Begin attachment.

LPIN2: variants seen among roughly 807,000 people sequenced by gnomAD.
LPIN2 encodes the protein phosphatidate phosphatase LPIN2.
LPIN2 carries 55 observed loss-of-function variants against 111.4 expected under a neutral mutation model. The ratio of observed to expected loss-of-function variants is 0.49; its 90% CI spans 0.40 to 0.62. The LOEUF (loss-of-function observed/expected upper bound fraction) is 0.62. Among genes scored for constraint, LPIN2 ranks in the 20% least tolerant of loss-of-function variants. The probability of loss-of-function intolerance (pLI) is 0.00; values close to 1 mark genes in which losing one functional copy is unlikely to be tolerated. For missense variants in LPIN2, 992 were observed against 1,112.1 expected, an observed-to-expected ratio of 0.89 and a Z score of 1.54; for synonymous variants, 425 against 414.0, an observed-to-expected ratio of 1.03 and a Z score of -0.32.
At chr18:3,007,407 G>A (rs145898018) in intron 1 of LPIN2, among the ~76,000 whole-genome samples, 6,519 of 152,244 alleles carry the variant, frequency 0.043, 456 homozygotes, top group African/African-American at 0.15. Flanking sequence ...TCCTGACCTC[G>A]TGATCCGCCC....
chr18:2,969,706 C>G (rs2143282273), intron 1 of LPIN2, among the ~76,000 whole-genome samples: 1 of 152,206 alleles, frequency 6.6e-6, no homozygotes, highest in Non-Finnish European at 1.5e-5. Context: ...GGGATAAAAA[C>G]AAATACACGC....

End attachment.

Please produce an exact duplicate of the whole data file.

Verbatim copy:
LPIN2: variants seen among roughly 807,000 people sequenced by gnomAD.
LPIN2 encodes the protein phosphatidate phosphatase LPIN2.
LPIN2 carries 55 observed loss-of-function variants against 111.4 expected under a neutral mutation model. The ratio of observed to expected loss-of-function variants is 0.49; its 90% CI spans 0.40 to 0.62. The LOEUF (loss-of-function observed/expected upper bound fraction) is 0.62. Among genes scored for constraint, LPIN2 ranks in the 20% least tolerant of loss-of-function variants. The probability of loss-of-function intolerance (pLI) is 0.00; values close to 1 mark genes in which losing one functional copy is unlikely to be tolerated. For missense variants in LPIN2, 992 were observed against 1,112.1 expected, an observed-to-expected ratio of 0.89 and a Z score of 1.54; for synonymous variants, 425 against 414.0, an observed-to-expected ratio of 1.03 and a Z score of -0.32.
At chr18:3,007,407 G>A (rs145898018) in intron 1 of LPIN2, among the ~76,000 whole-genome samples, 6,519 of 152,244 alleles carry the variant, frequency 0.043, 456 homozygotes, top group African/African-American at 0.15. Flanking sequence ...TCCTGACCTC[G>A]TGATCCGCCC....
chr18:2,969,706 C>G (rs2143282273), intron 1 of LPIN2, among the ~76,000 whole-genome samples: 1 of 152,206 alleles, frequency 6.6e-6, no homozygotes, highest in Non-Finnish European at 1.5e-5. Context: ...GGGATAAAAA[C>G]AAATACACGC....